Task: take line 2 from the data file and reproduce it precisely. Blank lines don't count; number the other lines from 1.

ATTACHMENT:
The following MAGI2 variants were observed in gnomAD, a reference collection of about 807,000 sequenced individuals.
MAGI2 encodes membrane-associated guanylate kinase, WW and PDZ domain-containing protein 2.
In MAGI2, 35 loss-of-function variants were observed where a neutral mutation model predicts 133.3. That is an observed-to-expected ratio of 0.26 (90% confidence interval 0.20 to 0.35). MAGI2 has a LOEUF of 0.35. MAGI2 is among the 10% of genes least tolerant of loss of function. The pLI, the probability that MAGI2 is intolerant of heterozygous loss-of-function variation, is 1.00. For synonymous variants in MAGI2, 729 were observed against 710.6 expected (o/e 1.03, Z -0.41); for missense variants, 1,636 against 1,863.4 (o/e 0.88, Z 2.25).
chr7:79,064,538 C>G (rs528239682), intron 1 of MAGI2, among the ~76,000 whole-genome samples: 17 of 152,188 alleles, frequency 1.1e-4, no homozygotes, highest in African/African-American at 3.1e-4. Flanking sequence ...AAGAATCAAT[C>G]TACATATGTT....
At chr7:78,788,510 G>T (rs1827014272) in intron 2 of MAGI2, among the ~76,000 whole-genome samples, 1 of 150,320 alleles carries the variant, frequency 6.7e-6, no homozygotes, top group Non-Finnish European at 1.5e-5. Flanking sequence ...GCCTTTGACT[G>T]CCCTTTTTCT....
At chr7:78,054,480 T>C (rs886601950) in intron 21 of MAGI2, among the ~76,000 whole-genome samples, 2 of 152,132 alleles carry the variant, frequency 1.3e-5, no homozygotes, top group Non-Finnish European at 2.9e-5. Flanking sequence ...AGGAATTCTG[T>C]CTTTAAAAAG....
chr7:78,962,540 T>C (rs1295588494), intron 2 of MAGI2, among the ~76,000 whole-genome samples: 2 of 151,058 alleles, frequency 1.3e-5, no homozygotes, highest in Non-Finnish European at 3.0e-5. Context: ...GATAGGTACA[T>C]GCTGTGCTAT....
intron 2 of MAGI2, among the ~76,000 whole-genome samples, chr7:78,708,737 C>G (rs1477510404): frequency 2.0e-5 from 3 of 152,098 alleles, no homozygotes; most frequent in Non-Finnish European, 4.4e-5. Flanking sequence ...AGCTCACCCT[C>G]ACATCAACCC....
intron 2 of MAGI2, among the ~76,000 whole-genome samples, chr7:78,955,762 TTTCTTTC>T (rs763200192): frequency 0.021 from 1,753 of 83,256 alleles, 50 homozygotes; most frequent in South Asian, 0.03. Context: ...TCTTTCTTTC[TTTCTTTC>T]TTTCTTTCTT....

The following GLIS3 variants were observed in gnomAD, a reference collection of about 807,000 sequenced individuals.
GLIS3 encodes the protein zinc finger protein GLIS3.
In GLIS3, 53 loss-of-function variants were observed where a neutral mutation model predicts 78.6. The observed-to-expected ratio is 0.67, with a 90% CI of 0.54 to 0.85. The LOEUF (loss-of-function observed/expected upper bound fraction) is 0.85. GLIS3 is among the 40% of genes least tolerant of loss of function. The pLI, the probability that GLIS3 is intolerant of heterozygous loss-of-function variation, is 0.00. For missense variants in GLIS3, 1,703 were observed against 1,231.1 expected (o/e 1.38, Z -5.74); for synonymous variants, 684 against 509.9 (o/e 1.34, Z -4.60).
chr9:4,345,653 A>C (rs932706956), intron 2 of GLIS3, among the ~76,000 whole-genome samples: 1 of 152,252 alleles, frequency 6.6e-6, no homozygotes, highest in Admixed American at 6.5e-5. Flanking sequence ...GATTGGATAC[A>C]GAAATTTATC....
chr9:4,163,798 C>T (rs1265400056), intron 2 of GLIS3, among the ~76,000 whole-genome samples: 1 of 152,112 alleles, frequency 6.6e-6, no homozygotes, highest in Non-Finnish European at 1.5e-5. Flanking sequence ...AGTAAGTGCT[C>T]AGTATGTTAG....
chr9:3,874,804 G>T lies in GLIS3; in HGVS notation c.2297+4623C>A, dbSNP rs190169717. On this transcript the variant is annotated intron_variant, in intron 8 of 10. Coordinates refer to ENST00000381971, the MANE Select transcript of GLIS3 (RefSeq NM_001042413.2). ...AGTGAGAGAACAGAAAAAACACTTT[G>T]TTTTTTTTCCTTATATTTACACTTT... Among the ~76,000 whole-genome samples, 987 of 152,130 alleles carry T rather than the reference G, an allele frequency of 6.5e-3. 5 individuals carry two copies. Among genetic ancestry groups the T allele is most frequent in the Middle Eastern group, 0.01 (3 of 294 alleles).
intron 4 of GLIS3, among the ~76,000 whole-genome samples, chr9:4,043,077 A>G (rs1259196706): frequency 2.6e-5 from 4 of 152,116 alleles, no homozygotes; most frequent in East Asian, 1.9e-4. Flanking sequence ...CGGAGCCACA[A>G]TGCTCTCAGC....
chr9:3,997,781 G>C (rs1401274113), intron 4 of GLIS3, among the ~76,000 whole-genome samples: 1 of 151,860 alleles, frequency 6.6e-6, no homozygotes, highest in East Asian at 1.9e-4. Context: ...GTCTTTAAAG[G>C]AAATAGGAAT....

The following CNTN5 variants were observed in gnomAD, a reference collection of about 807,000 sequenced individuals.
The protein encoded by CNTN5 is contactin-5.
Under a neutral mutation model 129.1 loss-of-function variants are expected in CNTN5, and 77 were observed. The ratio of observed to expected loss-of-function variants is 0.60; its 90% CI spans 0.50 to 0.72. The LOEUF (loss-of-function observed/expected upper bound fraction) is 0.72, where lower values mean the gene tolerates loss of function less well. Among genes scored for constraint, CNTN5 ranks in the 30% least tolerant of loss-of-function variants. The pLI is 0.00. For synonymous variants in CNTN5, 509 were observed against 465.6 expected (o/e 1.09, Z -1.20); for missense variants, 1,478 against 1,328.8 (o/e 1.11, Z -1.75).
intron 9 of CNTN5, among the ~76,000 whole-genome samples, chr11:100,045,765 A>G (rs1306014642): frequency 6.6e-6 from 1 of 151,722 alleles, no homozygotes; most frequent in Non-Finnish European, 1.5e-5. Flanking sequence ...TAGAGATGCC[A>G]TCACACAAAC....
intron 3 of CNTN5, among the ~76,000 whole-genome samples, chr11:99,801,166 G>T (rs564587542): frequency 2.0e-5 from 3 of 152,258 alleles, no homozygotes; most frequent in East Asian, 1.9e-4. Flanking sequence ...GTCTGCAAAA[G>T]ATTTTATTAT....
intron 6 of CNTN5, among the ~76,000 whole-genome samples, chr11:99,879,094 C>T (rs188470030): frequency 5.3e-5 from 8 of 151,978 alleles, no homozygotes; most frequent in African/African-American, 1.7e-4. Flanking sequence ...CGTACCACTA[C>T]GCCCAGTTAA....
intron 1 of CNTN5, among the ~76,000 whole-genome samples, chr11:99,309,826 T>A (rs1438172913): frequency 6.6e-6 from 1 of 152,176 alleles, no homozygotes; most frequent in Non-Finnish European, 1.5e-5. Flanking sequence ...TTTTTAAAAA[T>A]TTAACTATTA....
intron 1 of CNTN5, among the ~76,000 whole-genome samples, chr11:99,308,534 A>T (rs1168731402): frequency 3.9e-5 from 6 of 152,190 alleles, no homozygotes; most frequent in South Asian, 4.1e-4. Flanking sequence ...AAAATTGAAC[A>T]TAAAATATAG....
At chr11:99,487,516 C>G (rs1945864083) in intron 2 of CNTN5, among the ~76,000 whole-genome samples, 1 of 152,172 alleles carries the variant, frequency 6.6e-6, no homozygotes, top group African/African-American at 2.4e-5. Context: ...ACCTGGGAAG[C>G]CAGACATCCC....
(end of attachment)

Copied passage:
MAGI2 encodes membrane-associated guanylate kinase, WW and PDZ domain-containing protein 2.